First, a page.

|Density @ 293 K:4.93 g/cm3||Atomic volume: 25.74 cm3/mol|
Iodine was discovered by Bernard Courtois in 1811. He isolated the element by adding sulfuric acid to seaweed ashes. This produced a purple vapor, which condensed to form dark crystals of iodine. Its name comes from the Greek work 'iodes', meaning violet.
|State (s, l, g):solid|
|Melting point:386.6 K (113.5 °C)||Boiling point:457 K (184 °C)|
|Specific heat capacity:0.214 J g-1 K-1||Heat of atomization:107 kJ mol-1|
|Heat of fusion: 15.52 kJ mol-1 of I2||Heat of vaporization : 41.57 kJ mol-1 of I2|
|1st ionization energy:1008.4 kJ mol-1||2nd ionization energy:1845.8 kJ mol-1|
|3rd ionization energy:3184 kJ mol-1||Electron affinity: 295.16 kJ mol-1|
|Shells:2,8,18,18,7||Electron configuration:[Kr] 4d10 5s2 5p5|
|Minimum oxidation number:-1||Maximum oxidation number:7|
|Min. common oxidation no.:0||Max. common oxidation no.:7|
|Electronegativity (Pauling Scale):2.66||Polarizability volume:5 Å3|
|Structure:layers of I2||Color:bluish-black|
In small doses, iodine is slightly toxic and it is highly poisonous in large amounts. Elemental iodine is an irritant which can cause sores on the skin. Iodine vapor causes extreme eye irritation.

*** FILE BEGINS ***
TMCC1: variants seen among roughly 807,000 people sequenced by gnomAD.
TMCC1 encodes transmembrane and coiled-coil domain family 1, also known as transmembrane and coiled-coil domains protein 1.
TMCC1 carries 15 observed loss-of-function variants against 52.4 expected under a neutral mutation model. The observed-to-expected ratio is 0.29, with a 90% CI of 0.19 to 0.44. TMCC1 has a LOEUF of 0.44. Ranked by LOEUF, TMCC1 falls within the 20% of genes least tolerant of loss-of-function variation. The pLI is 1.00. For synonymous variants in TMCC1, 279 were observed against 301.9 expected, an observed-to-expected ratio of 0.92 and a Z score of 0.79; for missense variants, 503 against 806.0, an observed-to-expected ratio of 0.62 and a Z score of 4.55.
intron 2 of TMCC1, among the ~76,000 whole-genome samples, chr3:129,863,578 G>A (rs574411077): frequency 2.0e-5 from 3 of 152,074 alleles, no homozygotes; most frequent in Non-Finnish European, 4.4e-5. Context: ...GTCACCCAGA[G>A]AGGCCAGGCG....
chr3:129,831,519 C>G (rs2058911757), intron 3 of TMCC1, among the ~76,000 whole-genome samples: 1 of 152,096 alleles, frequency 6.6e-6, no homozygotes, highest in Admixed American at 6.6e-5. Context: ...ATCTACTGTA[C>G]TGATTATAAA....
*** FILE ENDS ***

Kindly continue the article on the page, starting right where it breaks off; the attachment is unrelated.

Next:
Iodine is a bluish-black, lustrous solid. Although it is less reactive than the elements above it in group 17 (fluorine, chlorine and bromine) it still forms compounds with many other elements.
Iodine is important in medicine, in both radioactive and non-radioactive forms. Iodide and thyroxin, which contains iodine, are used inside the body.
|Reaction with air:none||Reaction with 6 M HCl:none|
|Reaction with 15 M HNO3:mild, ⇒ HIO3||Reaction with 6 M NaOH:mild, ⇒ OI-, I-|
|Oxide(s):I2O5, I4O9, I2O4||Chloride(s):ICl, ICl3|
|Atomic radius:140 pm||Ionic radius (1+ ion):pm|
|Ionic radius (2+ ion):pm||Ionic radius (3+ ion):pm|
|Ionic radius (2- ion):pm||Ionic radius (1- ion): 206 pm|
|Thermal conductivity:0.45 W m-1 K-1||Electrical conductivity:1.0 x 10-7 S cm-1|
|Abundance earth's crust:450 parts per billion by weight, 73 parts per billion by moles|
|Abundance solar system:parts per billion by weight, parts per billion by moles|
|Cost, pure:$8.3 per 100g|
|Cost, bulk:$ per 100g|
In nature, iodine occurs in the form of iodide ions, mainly in seawater. It is introduced into the food chain via seaweed and other sea-plants. Iodine is found in some minerals and soils. Commercially, iodine is obtained in several ways, such as taking iodine vapour from processed brine, by ion exchange of brine or by releasing iodine from iodate taken from nitrate ores.
34 whose half-lives are known, with mass numbers 108 to 141. Of these, only one is stable: 127I